Customers who wanted to confirm the president’s statements were mainly limited to reading Breitbart News and other openly conservative publications.

This division, as well as the journalistic interest that is more slanted toward the use of rhetorical excesses than the exercise of power, is reminiscent of how professional fact-checking behaved before, during, and soon after Barack Obama’s landmark Affordable Care Act.

Fact-checkers were then fixated on backbencher opposition to the point where Sarah Palin, who at the time held no official office, was given the award for PolitiFact’s “Lie of the Year” even though the then-president was habitually lying in plainly detectable ways about his health insurance plan.

In 2013, PolitiFact finally caught up with the president’s fabrications, at which point there was a brief period of self-reflection for the press community.

The mea culpa, however, did not contain nearly enough self-awareness about how Democratic politicians and operatives, coming as they do from basically the same class of people as national media, had been deliberately and successfully manipulating the refs, as I warned at the time.

That is how this week has gone. It’s not only that fact-checkers have been searching for conservative BS, which, when correctly found, is always acceptable to call out.

The problem is that they’re using statements made by the White House that are either not covered by the law or are deliberately misleading or downright untrue as proof to refute their claims.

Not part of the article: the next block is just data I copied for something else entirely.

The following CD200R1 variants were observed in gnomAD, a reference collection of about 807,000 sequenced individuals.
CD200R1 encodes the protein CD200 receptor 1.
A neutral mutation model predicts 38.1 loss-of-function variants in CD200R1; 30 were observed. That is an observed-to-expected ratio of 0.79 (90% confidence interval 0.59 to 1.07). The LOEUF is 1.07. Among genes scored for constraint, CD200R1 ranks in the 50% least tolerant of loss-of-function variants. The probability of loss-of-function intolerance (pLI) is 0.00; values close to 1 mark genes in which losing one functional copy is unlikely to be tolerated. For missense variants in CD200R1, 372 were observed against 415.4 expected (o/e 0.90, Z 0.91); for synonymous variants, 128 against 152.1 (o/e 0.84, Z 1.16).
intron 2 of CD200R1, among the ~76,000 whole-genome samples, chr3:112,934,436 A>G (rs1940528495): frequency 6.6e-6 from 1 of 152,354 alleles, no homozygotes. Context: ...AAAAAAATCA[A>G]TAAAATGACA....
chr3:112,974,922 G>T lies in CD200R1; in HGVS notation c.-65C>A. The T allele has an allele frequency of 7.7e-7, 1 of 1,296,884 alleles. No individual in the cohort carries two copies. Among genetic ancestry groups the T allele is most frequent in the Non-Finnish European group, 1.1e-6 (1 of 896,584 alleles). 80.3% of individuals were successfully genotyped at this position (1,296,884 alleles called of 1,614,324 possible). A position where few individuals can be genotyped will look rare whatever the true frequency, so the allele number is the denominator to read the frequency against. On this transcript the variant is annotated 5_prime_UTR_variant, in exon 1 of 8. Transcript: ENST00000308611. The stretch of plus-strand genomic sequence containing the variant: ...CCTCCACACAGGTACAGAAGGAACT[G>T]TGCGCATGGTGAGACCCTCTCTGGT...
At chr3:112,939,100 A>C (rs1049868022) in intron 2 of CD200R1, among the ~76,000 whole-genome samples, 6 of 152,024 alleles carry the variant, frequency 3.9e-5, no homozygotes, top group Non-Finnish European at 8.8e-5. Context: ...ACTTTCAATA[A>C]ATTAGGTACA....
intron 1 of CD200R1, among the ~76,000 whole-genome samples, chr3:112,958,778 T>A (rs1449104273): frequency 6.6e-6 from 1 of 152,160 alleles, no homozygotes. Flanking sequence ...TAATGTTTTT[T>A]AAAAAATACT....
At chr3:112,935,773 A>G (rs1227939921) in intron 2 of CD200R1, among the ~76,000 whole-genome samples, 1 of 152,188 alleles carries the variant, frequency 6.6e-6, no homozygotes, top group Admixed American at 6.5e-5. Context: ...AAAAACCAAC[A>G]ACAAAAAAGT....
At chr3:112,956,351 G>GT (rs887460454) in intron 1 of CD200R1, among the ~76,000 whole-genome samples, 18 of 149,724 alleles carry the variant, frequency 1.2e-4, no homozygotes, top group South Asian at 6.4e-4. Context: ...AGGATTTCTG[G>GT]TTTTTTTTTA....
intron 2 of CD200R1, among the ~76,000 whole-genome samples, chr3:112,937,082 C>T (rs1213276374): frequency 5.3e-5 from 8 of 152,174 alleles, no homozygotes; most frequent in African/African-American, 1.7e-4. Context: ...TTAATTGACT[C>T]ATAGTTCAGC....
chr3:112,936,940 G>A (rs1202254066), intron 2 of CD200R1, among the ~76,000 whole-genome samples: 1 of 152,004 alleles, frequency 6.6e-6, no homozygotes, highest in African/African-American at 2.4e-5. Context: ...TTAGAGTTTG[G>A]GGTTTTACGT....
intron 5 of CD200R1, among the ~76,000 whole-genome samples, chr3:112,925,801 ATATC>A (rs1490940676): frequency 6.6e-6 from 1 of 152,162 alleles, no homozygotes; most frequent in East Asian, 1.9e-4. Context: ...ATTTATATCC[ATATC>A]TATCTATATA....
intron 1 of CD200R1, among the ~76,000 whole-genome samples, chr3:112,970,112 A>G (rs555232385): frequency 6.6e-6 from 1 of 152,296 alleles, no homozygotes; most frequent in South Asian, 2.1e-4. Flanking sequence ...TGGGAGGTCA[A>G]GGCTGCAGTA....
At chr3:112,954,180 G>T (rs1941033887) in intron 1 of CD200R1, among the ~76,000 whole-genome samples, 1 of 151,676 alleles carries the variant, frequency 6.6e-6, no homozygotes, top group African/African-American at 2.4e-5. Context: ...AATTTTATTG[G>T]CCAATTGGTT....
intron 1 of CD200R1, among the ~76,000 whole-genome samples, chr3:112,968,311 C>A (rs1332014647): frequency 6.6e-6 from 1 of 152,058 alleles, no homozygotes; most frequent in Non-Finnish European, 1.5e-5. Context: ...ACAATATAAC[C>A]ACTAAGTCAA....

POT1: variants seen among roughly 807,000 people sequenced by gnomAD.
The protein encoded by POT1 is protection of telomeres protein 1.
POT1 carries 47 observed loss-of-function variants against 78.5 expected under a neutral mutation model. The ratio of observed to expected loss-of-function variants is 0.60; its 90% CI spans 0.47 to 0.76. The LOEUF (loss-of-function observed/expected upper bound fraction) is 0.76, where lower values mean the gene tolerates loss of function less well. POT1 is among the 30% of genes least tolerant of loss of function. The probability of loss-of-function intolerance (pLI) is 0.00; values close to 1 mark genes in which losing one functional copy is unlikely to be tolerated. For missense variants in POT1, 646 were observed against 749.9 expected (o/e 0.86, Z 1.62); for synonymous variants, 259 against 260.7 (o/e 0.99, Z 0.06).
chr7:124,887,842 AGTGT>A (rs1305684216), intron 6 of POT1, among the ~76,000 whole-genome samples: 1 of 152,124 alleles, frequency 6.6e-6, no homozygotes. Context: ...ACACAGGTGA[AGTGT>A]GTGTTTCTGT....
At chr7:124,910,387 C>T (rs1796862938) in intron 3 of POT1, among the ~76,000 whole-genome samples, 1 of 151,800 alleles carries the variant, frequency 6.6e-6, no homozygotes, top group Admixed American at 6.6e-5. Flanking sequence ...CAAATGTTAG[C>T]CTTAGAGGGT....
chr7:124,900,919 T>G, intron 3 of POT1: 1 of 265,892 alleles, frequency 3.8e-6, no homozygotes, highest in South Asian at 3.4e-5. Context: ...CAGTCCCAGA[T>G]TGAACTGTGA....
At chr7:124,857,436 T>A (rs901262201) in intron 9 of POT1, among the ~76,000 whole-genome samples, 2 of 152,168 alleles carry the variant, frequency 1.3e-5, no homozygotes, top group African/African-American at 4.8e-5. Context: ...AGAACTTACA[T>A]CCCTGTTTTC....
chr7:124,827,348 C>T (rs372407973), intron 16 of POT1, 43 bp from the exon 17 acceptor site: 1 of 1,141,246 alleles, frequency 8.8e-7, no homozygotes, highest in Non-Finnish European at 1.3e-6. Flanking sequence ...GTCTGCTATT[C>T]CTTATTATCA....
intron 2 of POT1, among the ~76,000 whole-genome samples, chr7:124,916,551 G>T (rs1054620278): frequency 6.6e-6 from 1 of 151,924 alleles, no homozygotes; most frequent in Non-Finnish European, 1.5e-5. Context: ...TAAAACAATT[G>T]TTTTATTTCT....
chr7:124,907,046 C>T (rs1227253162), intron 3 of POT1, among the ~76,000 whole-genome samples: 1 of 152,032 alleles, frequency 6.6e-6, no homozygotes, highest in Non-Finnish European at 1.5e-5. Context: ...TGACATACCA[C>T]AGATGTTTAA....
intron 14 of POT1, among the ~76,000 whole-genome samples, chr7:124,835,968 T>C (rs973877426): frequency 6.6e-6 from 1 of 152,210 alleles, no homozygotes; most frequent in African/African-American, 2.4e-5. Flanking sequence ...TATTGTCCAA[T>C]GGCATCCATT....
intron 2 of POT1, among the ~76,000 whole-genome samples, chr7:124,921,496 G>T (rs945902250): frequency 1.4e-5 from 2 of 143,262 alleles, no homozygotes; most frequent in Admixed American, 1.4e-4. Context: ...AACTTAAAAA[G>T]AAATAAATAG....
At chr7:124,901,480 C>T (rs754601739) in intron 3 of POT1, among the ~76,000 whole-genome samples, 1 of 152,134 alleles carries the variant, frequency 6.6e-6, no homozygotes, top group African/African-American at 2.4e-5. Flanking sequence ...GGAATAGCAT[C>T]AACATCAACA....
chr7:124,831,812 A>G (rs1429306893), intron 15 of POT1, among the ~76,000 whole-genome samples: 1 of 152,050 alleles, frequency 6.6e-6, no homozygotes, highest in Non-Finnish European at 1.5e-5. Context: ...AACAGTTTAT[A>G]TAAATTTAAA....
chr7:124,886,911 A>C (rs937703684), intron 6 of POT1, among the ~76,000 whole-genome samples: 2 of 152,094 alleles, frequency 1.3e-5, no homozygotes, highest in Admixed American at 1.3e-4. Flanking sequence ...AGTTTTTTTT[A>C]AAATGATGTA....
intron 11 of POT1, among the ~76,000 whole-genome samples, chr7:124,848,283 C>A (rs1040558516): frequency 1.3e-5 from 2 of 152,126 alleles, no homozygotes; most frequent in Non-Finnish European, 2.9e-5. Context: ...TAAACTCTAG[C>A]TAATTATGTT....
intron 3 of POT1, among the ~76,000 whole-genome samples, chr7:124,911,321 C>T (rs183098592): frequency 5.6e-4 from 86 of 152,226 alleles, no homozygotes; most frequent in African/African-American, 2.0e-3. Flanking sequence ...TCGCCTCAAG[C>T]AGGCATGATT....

For instance,’s article asserts at the opening that “most new workers” by the IRS “will perform customer services,” and then elaborates on the assertion further down:

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“With the help of these tools, the majority of the 50,000 IRS employees who are close to retiring have their positions filled. Most of the net new hires are made to enhance customer service, whether it be through IT upgrades or phone support “said a representative for the Treasury Department.

When you consider how the extra IRS money has been statutorily allotted, the speculative spin being repeated here is not fact-checking; rather, it is reiterating speculation.

The Inflation Reduction Act, according to the Congressional Research Service (CRS), allocates the $80 billion in additional IRS funding to the following four listed divisions: “enforcement” ($45.7 billion), “operations support” ($25.3 billion), “business systems modernization” ($4.7 billion), and “taxpayer services” ($3.2 billion):

The spokesperson for the Treasury Department would have us think that 50.01 per cent of the new jobs created by this $80 billion infusion will be filled by employees of the divisions getting just 10 per cent of the funds. That is simply untrustworthy, let alone as a foundation for refuting another person’s assertion of fact.